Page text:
Foreign players to pay SA tax
2010 FIFA Soccer World Cup (logo)
Johannesburg - One local institution set to win from the country’s hosting of the 2010 FIFA World Cup is the South African Revenue Service (SARS).
While SARS has granted certain tax concessions on the supply of goods and services relevant to hosting the tournament, foreign soccer players will not be exempt from tax, and measures have been put in place to ensure their taxes are collected.
As a norm, South Africa taxes non-residents on a source basis – meaning that receipts from sources within the borders of the country are subject to tax. Applying the source basis, earnings received by foreign sportspersons from activities they perform in SA are thus subject to tax.
SARS has recognised the challenge of collecting the tax on these earnings, given the short period players will be present in SA, as foreign rugby and cricket players have escaped paying any form of tax on earnings for their performances during previously staged rugby and cricket world cups.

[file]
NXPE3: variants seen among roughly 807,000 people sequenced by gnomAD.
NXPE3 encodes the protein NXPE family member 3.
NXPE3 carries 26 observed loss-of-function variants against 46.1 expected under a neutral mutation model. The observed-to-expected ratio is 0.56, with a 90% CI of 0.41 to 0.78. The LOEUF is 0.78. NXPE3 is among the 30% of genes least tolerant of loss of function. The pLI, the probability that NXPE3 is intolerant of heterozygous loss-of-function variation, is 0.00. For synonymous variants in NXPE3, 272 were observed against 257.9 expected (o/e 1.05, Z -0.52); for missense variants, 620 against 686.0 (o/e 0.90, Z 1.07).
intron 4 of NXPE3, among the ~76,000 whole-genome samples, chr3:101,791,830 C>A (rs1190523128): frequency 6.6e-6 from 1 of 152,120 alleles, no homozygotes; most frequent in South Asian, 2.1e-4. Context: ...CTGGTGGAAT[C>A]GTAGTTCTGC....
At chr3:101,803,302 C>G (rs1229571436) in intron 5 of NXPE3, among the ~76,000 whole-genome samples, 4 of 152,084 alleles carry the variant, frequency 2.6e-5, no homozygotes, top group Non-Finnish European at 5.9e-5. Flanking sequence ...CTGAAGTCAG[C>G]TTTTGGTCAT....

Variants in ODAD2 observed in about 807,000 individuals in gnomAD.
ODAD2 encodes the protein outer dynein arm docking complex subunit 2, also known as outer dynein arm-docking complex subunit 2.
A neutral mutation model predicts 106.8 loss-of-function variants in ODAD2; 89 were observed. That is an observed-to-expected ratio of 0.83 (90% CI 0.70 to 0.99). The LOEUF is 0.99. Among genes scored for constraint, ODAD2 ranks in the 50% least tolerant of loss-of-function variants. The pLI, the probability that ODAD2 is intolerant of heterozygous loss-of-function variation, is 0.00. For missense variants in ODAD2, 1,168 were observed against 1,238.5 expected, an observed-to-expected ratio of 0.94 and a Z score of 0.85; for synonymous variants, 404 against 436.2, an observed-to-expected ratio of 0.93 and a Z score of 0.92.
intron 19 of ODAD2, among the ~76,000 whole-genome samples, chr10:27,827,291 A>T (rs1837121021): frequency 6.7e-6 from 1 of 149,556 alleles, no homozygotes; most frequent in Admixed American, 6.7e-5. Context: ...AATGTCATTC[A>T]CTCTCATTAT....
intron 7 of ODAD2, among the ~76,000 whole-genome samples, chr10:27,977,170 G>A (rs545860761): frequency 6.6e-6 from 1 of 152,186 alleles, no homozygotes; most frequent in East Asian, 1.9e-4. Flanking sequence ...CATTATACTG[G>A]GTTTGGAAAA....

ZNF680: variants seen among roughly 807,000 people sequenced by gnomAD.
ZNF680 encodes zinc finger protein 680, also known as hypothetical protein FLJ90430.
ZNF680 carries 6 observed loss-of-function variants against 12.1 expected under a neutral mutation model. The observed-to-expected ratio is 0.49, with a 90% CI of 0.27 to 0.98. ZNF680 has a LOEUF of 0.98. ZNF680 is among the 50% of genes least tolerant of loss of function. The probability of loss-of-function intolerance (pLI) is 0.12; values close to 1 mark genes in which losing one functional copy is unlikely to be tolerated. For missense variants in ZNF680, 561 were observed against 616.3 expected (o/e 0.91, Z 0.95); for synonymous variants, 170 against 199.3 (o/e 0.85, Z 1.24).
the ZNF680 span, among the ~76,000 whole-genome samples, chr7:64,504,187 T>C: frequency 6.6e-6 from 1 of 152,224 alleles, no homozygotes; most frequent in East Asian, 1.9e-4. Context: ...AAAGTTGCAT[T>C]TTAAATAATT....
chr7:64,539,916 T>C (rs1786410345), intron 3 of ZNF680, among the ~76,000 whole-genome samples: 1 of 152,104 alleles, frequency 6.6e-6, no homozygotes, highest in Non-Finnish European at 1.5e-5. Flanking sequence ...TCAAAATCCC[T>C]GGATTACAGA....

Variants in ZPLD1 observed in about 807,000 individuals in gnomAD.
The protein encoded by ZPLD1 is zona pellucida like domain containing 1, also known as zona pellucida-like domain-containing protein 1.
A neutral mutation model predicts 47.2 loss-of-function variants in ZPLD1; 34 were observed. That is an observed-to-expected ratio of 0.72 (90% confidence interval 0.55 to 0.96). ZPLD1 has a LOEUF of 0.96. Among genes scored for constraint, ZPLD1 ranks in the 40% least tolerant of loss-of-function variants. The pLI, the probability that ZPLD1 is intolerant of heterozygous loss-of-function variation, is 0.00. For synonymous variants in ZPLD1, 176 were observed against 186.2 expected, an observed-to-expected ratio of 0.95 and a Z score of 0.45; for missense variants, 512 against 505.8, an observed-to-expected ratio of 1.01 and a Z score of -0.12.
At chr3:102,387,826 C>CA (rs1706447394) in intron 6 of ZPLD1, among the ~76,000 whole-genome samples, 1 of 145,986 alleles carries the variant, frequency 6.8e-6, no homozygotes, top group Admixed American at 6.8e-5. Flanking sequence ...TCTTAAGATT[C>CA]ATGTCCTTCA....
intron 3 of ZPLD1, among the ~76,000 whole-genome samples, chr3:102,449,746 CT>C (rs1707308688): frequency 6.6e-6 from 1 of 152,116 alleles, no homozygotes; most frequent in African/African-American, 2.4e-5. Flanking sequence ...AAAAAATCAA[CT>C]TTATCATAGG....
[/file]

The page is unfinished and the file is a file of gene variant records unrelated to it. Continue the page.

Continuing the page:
But practical tax collecting problems have now been rectified and Di Seccombe of audit, tax and advisory firm Mazars said SARS will be collecting in 2010.
Tax legislation now places the obligation on the South African resident paying foreign sportsmen undertaking a so-called specified activity to withhold tax at a rate of 15%. "A 'specified activity' is defined in the Income Tax Act as any personal activity undertaken by the foreign sportsperson in South Africa, whether alone or with other people," said Seccombe.
"Any South African resident failing to withhold the correct amount of tax and pay it over to SARS within 30 days will find themselves personally liable for the taxes owing. Theoretically, the SA resident will then need to recover the taxes paid from the foreign sportsperson."